Proposal to Ease Limits on Disclosure Has Privacy Groups Concerned
Melinda Beck | June 4, 2014 8:12 p.m. ET
Federal officials are proposing to ease 40-year-old restrictions on the release of information about patients’ drug- and alcohol-abuse treatment, so their electronic medical records can be more easily used and shared.
Federal law has long protected substance-abuse-treatment records from being disclosed to anyone without a patient’s explicit consent, so that fear of stigma or discrimination wouldn’t deter those in need from seeking help. If a patient agrees to share substance-abuse records with, say, a doctor or hospital, those records can’t be sent anywhere else unless the patient consents again.
Officials at the Substance Abuse and Mental Health Services Administration, known as SAMHSA, say those rules didn’t envision today’s highly integrated health-care systems that rely on the broad sharing of patients’ detailed electronic medical records to coordinate care. The Obama administration is paying doctors and hospitals $36 billion in incentives to move to such systems, which proponents say can reduce medical errors and duplication and cut costs.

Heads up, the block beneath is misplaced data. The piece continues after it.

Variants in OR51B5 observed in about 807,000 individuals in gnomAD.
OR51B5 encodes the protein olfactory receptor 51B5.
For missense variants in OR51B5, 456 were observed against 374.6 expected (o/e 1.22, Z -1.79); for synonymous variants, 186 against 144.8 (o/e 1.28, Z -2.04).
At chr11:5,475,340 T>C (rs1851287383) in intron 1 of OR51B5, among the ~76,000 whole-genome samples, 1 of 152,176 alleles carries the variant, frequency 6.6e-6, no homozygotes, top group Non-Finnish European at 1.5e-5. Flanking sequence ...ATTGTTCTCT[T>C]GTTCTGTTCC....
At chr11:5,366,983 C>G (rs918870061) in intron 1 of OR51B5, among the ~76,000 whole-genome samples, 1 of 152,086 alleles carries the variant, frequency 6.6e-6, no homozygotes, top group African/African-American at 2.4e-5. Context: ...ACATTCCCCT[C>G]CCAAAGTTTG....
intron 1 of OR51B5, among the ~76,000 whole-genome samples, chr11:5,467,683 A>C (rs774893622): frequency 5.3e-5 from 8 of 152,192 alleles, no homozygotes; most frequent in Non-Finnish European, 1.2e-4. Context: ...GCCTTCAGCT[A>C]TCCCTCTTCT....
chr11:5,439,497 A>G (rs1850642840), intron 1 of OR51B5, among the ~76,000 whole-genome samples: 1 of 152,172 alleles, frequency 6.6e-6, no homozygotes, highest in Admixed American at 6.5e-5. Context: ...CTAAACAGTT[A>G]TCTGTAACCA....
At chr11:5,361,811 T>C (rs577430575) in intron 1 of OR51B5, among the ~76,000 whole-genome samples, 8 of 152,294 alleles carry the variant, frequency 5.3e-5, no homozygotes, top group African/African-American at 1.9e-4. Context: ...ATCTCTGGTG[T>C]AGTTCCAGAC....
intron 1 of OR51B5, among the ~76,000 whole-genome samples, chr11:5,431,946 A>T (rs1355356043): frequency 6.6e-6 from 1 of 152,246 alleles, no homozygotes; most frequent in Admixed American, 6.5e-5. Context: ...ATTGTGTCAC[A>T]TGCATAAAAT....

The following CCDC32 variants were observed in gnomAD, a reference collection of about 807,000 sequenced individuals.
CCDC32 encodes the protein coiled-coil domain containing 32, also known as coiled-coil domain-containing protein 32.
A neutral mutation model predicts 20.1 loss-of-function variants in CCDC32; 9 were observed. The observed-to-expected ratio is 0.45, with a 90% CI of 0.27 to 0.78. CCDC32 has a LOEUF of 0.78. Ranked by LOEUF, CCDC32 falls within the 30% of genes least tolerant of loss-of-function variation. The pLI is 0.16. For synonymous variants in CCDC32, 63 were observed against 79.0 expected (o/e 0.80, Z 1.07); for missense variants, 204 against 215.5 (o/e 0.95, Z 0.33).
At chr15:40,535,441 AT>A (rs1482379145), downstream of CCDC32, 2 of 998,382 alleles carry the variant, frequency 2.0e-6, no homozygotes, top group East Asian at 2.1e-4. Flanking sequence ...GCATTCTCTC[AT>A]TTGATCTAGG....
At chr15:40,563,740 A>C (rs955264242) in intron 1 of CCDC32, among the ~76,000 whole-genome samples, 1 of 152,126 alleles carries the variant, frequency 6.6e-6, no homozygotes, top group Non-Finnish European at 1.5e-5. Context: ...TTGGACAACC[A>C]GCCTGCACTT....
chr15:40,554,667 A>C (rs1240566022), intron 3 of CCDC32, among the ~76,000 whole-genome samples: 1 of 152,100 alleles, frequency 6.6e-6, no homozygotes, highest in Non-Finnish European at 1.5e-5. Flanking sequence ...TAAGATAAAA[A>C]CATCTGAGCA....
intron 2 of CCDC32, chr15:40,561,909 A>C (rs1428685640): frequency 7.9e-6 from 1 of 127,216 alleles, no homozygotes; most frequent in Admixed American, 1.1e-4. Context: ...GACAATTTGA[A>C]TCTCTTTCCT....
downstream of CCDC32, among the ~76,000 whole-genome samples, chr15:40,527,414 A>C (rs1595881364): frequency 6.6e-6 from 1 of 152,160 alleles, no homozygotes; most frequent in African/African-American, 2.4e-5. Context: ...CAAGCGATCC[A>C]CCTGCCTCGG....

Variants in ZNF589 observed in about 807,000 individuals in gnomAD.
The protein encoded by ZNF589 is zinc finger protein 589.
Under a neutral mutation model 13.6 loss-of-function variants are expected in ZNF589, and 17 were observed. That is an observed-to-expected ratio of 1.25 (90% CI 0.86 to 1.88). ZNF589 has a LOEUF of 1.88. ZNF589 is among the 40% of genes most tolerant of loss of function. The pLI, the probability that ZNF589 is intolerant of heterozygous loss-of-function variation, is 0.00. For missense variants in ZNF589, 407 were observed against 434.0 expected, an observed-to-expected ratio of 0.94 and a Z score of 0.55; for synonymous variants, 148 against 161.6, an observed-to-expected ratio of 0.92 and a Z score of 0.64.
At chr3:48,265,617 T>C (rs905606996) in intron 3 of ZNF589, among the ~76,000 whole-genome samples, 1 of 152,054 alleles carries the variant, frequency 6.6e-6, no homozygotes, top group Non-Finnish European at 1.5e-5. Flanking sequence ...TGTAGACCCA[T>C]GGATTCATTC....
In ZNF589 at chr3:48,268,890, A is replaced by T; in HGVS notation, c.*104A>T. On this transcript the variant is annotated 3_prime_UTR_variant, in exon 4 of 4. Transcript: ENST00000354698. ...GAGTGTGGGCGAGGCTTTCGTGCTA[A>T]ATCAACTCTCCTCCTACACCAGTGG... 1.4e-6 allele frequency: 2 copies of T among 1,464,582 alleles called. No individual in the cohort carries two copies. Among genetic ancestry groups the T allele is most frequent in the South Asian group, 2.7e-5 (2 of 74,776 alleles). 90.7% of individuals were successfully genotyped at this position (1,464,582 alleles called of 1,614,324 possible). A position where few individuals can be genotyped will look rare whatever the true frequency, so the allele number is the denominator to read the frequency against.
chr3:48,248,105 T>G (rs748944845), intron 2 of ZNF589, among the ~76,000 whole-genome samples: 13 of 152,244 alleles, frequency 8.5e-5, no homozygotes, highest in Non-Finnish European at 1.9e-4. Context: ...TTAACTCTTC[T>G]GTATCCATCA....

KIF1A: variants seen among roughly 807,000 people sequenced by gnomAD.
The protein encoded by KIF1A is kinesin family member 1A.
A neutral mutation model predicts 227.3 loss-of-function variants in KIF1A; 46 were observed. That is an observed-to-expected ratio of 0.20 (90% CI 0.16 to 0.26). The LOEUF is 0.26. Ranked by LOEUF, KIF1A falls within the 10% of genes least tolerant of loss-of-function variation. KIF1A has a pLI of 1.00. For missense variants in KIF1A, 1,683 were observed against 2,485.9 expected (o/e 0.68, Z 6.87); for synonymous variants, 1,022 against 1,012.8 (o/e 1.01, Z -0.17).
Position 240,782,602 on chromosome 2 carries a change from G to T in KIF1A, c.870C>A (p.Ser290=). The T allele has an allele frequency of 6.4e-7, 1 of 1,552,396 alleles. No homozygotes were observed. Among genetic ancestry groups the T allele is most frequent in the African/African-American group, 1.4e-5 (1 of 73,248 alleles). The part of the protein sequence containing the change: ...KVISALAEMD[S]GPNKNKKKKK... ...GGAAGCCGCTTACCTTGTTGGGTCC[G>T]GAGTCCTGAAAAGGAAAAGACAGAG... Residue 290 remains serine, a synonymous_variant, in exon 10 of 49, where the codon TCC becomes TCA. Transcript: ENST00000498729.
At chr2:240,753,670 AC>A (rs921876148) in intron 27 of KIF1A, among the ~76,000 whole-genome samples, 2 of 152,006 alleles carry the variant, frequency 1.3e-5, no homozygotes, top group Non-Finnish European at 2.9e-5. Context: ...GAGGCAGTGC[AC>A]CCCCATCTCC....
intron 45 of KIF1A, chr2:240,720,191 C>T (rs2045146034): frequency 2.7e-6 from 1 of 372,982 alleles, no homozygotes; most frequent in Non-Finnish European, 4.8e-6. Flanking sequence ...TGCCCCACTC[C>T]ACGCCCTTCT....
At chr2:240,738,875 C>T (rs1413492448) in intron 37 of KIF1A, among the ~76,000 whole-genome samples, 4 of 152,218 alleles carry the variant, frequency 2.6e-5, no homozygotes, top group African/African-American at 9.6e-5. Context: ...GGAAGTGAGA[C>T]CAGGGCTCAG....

But privacy advocates are concerned that one of the nation’s toughest confidentiality rules could be weakened, and they worry that the wider information is shared in the health-care system, the greater the risk of public disclosure. “If we lose this, people will stop getting treatment,” says psychiatrist Deborah Peel, founder of the nonprofit Patient Privacy Rights Foundation.
Despite anti-discrimination laws, many people in treatment still fear that exposure of their drug or alcohol problems could jeopardize their careers or their ability to get life insurance or retain child custody, addiction and legal experts say.
To view the full article, please visit Drug Treatment Swept Up in Push for Medical-Records Sharing